It's so off the wall it almost deserves to succeed.

Anti-cat campaigner Gareth Morgan is offering himself as Prince Charming to the moribund body politic. With one sloppy kiss, he's offering to awake the New Zealand electorate from the decade-long deep sleep of the Key era.

Morgan is coy on his The Opportunities Party (TOP) policy, but in the past he has campaigned on everything from curfews on domestic cats to a capital income tax to whack the rich, and an end to "cheating" our way around greenhouse gas emission reductions.

"TOP is a rebellion against the politics of mediocrity, against the inertia of the Established parties," says Morgan.


I suspect his biggest challenge will not be the inertia of Labour and National, but the inertia of the voters. He will also have an uphill struggle trying to engage voters in deep and meaningful discussion on such matters as the perils of climate change, and the finer points of taxation theory, in an era of tabloid journalism, and social media chit chat.

As a political veteran said to me after Morgan spun his TOP for the first time, "starting up your own political party is a lot harder than it looks."

The last time a rich man successfully threw his money and time at the political establishment and caused a revolution was back in 1983 when millionaire Wellington property tycoon Bob Jones fell out with his old mate, National Prime Minister Rob Muldoon and unleashed his New Zealand Party on a fed-up electorate.

Comparing Muldoon's heavy-handed interventionist policies to those he'd recently observed in the Soviet Union, the Jones Party quickly hit the polls on just under 20 per cent. His libertarian policies appealed mainly to the Right, but the way Jones deliberately riled Muldoon, appealed across the spectrum.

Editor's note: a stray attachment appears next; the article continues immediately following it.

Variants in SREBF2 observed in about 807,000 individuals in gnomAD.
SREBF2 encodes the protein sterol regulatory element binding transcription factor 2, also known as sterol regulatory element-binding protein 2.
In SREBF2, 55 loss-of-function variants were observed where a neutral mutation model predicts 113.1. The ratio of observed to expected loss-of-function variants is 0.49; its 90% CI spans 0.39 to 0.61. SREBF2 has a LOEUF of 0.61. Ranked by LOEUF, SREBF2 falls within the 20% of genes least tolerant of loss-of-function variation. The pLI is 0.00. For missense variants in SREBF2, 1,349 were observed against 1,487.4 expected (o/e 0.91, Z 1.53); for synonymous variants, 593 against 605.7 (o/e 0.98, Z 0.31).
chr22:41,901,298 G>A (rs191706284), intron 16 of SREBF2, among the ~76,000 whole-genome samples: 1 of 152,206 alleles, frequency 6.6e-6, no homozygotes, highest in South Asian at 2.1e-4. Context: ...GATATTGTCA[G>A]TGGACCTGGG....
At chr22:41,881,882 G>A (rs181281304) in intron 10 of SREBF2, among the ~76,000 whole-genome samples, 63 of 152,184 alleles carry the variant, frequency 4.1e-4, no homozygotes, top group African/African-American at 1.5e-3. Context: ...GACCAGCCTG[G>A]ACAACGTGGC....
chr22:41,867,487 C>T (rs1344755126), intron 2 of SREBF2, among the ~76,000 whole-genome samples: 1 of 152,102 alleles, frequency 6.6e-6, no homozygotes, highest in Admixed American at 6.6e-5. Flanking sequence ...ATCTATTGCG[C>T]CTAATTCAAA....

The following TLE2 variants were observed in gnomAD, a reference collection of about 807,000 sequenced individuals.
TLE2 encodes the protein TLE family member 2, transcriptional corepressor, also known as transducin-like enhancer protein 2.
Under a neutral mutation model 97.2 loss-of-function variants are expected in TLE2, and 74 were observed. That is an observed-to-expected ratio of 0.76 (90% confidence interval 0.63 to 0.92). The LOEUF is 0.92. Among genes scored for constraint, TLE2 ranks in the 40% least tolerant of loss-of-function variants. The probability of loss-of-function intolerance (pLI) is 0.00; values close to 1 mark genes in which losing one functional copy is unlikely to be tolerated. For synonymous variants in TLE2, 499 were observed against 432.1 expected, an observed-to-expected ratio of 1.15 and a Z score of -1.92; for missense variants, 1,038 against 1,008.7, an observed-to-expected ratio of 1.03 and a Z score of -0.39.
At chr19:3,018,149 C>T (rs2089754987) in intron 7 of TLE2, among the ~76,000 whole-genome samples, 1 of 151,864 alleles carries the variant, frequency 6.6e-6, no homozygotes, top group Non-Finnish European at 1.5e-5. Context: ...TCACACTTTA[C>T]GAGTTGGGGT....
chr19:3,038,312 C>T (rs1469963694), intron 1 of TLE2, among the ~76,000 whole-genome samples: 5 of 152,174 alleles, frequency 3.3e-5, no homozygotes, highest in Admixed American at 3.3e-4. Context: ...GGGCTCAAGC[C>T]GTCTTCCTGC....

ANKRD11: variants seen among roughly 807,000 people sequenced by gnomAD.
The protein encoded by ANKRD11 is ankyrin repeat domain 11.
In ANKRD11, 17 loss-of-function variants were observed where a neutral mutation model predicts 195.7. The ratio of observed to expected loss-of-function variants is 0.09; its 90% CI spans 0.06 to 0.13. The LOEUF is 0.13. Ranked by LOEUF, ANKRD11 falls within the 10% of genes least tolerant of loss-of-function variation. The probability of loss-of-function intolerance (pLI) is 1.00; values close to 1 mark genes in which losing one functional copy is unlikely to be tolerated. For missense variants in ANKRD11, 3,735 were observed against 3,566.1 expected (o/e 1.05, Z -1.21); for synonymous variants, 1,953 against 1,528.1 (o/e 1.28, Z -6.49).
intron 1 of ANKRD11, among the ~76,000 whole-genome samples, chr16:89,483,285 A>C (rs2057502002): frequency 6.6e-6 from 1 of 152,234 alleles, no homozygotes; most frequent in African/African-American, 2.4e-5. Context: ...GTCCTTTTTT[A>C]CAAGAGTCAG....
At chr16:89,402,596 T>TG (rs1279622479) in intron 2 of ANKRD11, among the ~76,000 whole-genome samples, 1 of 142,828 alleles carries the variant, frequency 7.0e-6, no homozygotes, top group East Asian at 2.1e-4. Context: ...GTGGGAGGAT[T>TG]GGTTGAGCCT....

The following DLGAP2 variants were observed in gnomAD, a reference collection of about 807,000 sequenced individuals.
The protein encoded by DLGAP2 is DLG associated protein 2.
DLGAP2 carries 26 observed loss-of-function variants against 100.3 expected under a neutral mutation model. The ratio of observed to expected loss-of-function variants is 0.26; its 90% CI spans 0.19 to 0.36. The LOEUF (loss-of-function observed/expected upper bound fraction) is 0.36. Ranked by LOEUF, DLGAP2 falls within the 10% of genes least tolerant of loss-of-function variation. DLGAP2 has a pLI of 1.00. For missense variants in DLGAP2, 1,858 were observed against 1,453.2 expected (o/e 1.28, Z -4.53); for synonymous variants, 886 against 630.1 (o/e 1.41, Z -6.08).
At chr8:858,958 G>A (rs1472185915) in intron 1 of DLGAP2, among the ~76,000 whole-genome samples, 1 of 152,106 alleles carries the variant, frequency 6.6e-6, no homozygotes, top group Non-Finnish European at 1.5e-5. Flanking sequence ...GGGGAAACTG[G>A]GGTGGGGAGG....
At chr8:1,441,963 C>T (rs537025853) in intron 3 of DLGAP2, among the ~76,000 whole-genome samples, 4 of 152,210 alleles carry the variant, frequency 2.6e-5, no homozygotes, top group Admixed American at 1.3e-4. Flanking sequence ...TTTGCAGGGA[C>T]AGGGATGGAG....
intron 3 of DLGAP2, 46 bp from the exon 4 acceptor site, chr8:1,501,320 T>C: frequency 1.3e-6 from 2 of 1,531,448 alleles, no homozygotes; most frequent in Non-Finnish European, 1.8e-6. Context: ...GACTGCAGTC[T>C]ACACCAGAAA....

However, despite spending more on the campaign than any other party, and winning 12.2 per cent of the popular vote, NZ Party won no seats. The old First Past the Post electoral system saw to that. But by splitting the National vote, Jones ensured a Labour landslide and the birth of Rogernomics.

It's hard to see the Morgan Party pulling off a similar coup. New Zealand 2016 is a very different place. Despite the Opposition parties best efforts in recent years, the polls show little appetite for change - let alone revolution on the 1984 scale.

Even if there were such rumblings, Morgan's professorial manner, his preference to sit about and worry each issue to death, is hardly the stuff of electoral rough and tumble.

On his website he confesses that "I respect both [Labour and National], and I'm happy to work with either. I sit pretty comfortably with either. My priority is to break the inertia that naturally encumbers Establishment parties and get through some overdue reforms to ensure fairness regains its rightful place in our society."

These aren't the words of a leader about to go into battle to wrestle votes and power from said establishment.

Partly as a result of the patent unfairness of the NZ Party failing to get a voice in parliament, the subsequent royal commission on the electoral system recommended a proportional system of representation to give a voice to minority groups. In the end we ended up with the current MMP system with a 5 per cent threshold.

This hurdle was put in place to ease the fear that myriad of miniscule parties, each with a single representative or two, would upset the orderly business of government.

The 5 per cent threshhold has proven to be a tough hurdle, particularly for rich men and their vanity parties.

At the last general election, the Kim Dotcom-financed ($3 million-plus) Internet-Mana Party crashed. At the 2011 general election, Colin Craig's Conservative Party spent $1.88m (mostly from Craig), standing 52 candidates. It gained just 2.65 per cent of the party vote. In 2014, despite some big name candidates, the Conservatives polled just 3.98 per cent and subsequently self-destructed as a party.

Now it's Gareth Morgan's turn. First he has to make peace with the cat lovers. Then he's faced with the problem of explaining why people should vote for him when he already confesses to being "pretty comfortable" with both Labour and National.